KTVO was contacted by a concerned viewer about a boy who suffered dog bite injuries in Kirksville.
Kirksville police say the dog was properly chained on its owner's property on Martha Street when the boy went onto the property Thursday to try to pet the dog. The boy suffered five bite marks on his face and torn skin on the side of his neck.
The dog is under a 10-day quarantine. It will be checked during that time for any signs of rabies. The owner of the Labrador Retriever were sent a vicious animal letter and have 10 days to comply with city law.
Under municipal guidelines, an animal would not be put down unless the release of the animal would create a continuing public safety hazard.
Kirksville City Ordinance:
(a) It shall be unlawful for any person to keep or harbor within the city any vicious animal, knowing the same to be vicious, unless the following requirements are met:
(1) Except as hereinafter provided, all vicious animals shall be confined indoors in such a manner that will not allow such animal to exit the building or structure on its own volition.
(2) No person shall permit a vicious animal to go outside the building or structure in which it is confined unless such animal is muzzled by a muzzling device sufficient to prevent such animal from biting persons or other animals, and either:
a. Confined to a securely enclosed and locked pen or kennel with sides and a secure top attached to the sides, or
b. Securely leashed with a leash or lead no more than four (4) feet in length, with the owner, his agent, or a member of the owner's immediate family in physical control of such leash or lead. Such animals may not be leashed, chained or tied to inanimate objects such as trees, posts, buildings, etc.
(3) All owners, keepers or harborers of vicious animals shall display in a prominent place on their premises a sign easily readable by the public using the words "Beware of Vicious Animal." In addition, a similar sign is required to be posted on the kennel or pen of such animal.
(b) The owner of any animal which attacks, bites or injures any human being or other domestic animal without adequate provocation, shall in addition to complying with the foregoing provisions, comply as follows: The owner of such animal must within seven (7) days after the date of such incident provide proof to the city clerk of public liability insurance in a single incident amount of one hundred thousand dollars ($100,000.00) and an aggregate amount of one hundred thousand dollars ($100,000.00) for bodily injury to or death of any such person or persons resulting from the ownership, keeping or harboring of such animal. Such insurance policy shall provide that no cancellation of the policy will be made unless ten (10) days' written notice is first given to the city clerk.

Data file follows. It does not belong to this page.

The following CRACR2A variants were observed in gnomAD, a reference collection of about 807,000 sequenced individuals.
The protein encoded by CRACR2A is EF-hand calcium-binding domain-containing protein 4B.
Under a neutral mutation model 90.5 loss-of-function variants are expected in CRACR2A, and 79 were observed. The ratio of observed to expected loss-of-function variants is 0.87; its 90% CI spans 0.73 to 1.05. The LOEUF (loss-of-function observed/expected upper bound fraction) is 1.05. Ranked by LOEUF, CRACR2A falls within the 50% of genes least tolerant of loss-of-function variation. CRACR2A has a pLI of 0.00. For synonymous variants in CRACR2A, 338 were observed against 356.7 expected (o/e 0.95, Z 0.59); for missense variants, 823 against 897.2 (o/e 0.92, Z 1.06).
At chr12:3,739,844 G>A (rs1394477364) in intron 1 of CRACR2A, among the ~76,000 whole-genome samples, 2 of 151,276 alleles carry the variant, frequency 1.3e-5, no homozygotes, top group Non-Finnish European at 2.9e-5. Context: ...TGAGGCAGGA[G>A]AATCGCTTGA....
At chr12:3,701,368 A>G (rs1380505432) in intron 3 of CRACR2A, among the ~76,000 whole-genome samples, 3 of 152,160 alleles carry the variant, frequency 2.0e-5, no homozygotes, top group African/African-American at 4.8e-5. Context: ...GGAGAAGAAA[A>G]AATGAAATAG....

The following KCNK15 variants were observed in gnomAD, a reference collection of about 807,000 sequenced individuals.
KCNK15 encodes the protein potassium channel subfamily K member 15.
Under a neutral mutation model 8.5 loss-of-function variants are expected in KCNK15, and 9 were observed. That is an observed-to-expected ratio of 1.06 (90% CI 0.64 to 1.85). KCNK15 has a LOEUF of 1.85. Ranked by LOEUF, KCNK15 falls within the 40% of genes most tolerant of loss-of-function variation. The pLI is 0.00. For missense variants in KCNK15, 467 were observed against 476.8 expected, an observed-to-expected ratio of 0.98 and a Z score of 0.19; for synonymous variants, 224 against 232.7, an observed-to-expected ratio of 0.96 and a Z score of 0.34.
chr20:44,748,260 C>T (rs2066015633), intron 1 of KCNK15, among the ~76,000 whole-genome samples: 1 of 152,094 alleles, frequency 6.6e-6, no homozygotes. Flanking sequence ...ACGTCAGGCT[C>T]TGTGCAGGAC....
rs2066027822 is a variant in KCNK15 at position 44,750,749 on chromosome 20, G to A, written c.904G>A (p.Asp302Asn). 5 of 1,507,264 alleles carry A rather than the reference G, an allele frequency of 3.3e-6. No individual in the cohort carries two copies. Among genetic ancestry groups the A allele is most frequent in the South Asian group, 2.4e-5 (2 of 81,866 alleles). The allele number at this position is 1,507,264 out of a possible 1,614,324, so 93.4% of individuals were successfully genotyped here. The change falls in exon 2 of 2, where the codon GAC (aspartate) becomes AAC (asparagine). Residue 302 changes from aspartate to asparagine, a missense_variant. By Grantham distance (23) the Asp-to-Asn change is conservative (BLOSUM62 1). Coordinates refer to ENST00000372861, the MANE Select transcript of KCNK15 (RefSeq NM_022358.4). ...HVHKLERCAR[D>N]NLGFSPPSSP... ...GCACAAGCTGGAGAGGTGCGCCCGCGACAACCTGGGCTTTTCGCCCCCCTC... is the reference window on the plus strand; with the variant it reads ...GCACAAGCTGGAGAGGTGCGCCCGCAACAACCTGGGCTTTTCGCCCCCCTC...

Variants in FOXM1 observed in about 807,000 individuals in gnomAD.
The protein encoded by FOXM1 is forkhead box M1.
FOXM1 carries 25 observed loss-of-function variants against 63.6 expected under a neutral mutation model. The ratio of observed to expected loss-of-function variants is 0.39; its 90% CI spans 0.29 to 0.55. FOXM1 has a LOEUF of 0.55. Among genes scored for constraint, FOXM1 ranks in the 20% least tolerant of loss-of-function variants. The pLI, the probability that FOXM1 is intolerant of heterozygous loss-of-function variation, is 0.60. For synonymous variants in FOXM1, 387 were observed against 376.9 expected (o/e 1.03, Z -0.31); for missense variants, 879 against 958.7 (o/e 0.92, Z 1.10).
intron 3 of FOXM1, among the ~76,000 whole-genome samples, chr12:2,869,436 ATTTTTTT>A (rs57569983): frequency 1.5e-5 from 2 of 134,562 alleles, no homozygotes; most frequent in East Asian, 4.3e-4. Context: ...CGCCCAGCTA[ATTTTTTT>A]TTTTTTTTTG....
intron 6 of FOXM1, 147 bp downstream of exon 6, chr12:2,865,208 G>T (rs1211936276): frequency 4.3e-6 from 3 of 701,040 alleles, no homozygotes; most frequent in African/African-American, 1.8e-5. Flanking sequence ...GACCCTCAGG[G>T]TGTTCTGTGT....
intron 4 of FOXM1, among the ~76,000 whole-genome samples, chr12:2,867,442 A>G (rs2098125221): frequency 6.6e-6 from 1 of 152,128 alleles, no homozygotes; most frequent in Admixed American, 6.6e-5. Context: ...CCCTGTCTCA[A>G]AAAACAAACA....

(Ord. No. 10811, § 1(VII), 3-21-88; Ord. No. 11958, § 1, 3-21-2011)Sec. 5-11.
Disposition of attacking, biting, injuring animals.
(a) Any animal which attacks, bites or injures a human being or other domestic animal without adequate provocation, shall be taken up and impounded by the animal control officer at the animal shelter so designated by the city or licensed veterinarian of the owner's choice, for a period of ten (10) days, the expense thereof, to be borne by the owner of such animal.
(b) If the animal has proof of current rabies vaccination, and the victim of the attack, bite or injury requests, the animal control officer may allow the animal to be securely and safely housed with it owners for the duration of the ten-day observation period
(c) If within such period of ten (10) days the animal develops symptoms of rabies, then it shall be killed in a humane manner.
(d) If the animal does not develop symptoms of rabies at the end of such ten-day period, then it may be returned to the owner upon payment of boarding fees. The animal may be returned earlier if certified by a licensed veterinarian to be free of rabies.
(e) If the owner does not claim the animal within seven (7) days after the expiration of such ten-day period, it shall be disposed of as provided for in this chapter.
(f) If, based on a public safety concern, the police department can show cause that any animal should not be released pursuant to subsection (d), the municipal court will authorize that the animal be held until an action or disposition in court authorizes the release.
(g) If the owner, or person in control, of an animal is adjudicated as harboring a vicious animal, and the city can show cause that the release of the animal would create a continuing public safety hazard, the municipal court may authorize that the animal be permanently removed from the city limits, or killed humanely.
(Ord. No. 10811, § 1(VIII), 3-21-88; Ord. No. 11831, § IV, 4-1-2008)